Background and purpose: Very few studies have provided information regarding long-term prognosis after stroke. We aimed to determine the absolute and relative survival over 10 years among patients with first-ever stroke from a population-based study in Perth, Western Australia.
Methods: For a 12-month period beginning February 1989, all individuals with a suspected acute stroke or transient ischemic attack who were resident in a geographically defined and representative region of Perth, Western Australia, were registered prospectively and assessed according to standardized diagnostic criteria. Patients with a definite first-ever stroke were followed up prospectively at 4 months, 12 months, 5 years, and 10 years after the index event.
Results: A total of 251 patients with first-ever stroke were registered, and 244 (97%) were followed up at 10 years, by which time 197 (79%; 95% confidence interval [CI], 74 to 84) had died. The major causes of death were the direct effects of the initial stroke (27%; 95% CI, 21 to 33) and cardiovascular disease (26%; 95% CI, 20 to 32). Among 1-year survivors of stroke, the average annual case fatality was 4.8%, which was 2.3 (95% CI, 1.9 to 2.7) times greater than for the general population of the same age and sex.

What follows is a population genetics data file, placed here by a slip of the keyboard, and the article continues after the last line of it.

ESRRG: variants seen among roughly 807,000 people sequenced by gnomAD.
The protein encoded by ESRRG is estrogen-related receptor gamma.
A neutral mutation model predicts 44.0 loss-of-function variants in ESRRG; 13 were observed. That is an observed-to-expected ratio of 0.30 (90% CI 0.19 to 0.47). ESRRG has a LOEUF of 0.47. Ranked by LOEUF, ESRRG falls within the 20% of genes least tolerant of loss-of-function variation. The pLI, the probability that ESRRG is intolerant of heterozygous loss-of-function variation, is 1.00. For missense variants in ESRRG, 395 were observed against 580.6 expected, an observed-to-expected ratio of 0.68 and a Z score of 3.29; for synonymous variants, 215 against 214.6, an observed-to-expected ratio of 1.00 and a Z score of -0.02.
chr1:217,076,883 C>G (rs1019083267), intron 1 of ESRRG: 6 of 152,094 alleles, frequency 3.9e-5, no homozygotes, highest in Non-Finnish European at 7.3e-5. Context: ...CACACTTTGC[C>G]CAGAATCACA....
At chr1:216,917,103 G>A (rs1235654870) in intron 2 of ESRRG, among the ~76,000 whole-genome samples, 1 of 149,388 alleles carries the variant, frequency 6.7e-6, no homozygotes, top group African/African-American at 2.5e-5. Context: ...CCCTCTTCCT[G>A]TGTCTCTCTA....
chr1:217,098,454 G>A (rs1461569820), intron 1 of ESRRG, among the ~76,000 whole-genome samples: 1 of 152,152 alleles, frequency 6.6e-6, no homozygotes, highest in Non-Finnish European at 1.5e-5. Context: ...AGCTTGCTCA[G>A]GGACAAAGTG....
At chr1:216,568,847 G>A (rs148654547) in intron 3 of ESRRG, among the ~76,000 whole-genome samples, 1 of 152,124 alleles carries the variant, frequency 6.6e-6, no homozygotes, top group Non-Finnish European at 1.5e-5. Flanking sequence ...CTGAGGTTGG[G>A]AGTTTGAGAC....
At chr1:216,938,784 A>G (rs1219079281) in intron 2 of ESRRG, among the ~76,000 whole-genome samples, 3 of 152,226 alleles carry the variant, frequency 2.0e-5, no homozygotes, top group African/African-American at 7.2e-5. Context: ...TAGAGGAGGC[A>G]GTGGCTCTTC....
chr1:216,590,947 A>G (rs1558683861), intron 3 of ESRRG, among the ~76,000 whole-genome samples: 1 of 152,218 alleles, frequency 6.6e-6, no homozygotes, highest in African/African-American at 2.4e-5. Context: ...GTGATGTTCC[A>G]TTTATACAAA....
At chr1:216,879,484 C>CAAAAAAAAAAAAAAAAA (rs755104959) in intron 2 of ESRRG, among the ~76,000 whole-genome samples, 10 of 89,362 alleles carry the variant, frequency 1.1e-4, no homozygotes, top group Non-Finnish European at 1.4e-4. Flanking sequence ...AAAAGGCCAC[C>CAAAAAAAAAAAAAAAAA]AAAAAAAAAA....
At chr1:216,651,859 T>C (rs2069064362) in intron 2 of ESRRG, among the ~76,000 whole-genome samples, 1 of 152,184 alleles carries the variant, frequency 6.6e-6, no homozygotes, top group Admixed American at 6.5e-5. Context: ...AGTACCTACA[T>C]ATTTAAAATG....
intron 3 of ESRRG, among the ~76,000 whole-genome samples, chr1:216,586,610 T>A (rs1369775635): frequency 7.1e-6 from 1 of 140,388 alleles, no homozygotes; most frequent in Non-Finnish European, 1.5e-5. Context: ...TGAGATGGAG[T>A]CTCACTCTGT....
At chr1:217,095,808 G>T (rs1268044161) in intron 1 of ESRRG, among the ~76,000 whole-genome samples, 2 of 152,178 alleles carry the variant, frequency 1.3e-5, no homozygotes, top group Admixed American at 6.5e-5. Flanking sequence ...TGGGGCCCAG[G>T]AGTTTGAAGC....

Conclusions: One in 5 patients with first-ever stroke survived to 10 years. The average annual case fatality was 4.8% between years 1 and 10 after stroke, which was twice that expected for the general population. Vascular disease is the major cause of death among long-term survivors of stroke.